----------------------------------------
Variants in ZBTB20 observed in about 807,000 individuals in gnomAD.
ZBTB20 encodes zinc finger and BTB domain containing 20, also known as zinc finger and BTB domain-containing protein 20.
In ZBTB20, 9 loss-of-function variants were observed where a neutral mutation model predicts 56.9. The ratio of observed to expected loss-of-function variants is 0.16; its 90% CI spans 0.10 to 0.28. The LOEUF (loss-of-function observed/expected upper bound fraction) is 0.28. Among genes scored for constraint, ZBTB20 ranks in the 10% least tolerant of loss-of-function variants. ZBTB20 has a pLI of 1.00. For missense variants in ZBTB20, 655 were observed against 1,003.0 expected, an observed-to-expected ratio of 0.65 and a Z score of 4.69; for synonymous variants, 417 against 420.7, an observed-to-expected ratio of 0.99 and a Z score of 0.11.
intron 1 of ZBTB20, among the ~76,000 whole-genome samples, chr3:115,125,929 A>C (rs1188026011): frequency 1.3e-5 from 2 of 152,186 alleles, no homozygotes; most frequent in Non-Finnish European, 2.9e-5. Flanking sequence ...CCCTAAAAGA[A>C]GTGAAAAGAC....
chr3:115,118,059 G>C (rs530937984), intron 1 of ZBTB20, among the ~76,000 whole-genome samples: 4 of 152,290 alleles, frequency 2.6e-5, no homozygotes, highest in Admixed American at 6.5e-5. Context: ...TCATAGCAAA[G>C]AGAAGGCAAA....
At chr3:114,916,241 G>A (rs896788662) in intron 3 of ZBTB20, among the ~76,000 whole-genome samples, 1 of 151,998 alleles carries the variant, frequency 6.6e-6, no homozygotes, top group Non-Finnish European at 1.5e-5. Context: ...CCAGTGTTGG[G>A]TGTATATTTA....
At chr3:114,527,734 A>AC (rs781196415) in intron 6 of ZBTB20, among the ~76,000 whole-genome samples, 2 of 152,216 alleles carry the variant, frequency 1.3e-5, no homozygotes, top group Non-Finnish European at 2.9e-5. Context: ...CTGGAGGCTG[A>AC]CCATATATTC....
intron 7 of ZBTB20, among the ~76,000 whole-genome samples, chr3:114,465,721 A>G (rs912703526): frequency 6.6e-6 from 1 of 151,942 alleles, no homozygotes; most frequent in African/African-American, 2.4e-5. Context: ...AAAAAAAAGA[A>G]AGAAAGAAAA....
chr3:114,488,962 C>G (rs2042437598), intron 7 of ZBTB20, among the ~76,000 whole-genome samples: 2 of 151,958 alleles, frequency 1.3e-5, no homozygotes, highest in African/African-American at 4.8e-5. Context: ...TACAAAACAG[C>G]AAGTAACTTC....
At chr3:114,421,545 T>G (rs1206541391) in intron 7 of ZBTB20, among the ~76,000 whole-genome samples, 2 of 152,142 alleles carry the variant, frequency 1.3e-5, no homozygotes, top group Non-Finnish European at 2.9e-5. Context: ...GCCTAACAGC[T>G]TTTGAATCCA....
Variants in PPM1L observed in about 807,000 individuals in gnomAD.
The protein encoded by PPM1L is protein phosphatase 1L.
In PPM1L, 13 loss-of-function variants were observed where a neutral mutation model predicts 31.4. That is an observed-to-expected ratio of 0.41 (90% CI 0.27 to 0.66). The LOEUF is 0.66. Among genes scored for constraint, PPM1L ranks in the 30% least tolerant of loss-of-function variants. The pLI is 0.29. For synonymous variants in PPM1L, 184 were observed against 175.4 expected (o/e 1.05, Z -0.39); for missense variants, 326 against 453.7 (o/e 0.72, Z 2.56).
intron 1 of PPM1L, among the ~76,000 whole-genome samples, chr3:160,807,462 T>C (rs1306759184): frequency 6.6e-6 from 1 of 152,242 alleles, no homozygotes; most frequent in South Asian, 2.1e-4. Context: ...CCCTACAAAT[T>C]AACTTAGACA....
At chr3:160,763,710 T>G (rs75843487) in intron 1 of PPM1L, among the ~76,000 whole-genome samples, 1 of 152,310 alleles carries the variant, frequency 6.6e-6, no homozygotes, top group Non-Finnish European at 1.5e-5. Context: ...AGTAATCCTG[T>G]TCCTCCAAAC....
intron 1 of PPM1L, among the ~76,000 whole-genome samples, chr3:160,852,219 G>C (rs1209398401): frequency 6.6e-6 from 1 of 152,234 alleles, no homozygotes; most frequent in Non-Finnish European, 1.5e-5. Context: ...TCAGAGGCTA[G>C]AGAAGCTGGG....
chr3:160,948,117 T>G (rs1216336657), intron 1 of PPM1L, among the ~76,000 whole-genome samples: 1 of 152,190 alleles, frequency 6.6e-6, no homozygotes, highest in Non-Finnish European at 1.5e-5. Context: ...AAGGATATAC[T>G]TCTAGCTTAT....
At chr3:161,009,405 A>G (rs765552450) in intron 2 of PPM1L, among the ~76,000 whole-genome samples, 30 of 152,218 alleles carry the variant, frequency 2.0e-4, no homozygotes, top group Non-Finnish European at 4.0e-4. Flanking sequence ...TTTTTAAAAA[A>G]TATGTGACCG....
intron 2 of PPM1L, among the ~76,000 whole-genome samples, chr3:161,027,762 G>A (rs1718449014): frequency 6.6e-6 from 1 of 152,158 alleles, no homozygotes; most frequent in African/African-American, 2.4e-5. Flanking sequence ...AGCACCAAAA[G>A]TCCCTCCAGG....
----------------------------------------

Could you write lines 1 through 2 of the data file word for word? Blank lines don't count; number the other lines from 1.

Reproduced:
Variants in ZBTB20 observed in about 807,000 individuals in gnomAD.
ZBTB20 encodes zinc finger and BTB domain containing 20, also known as zinc finger and BTB domain-containing protein 20.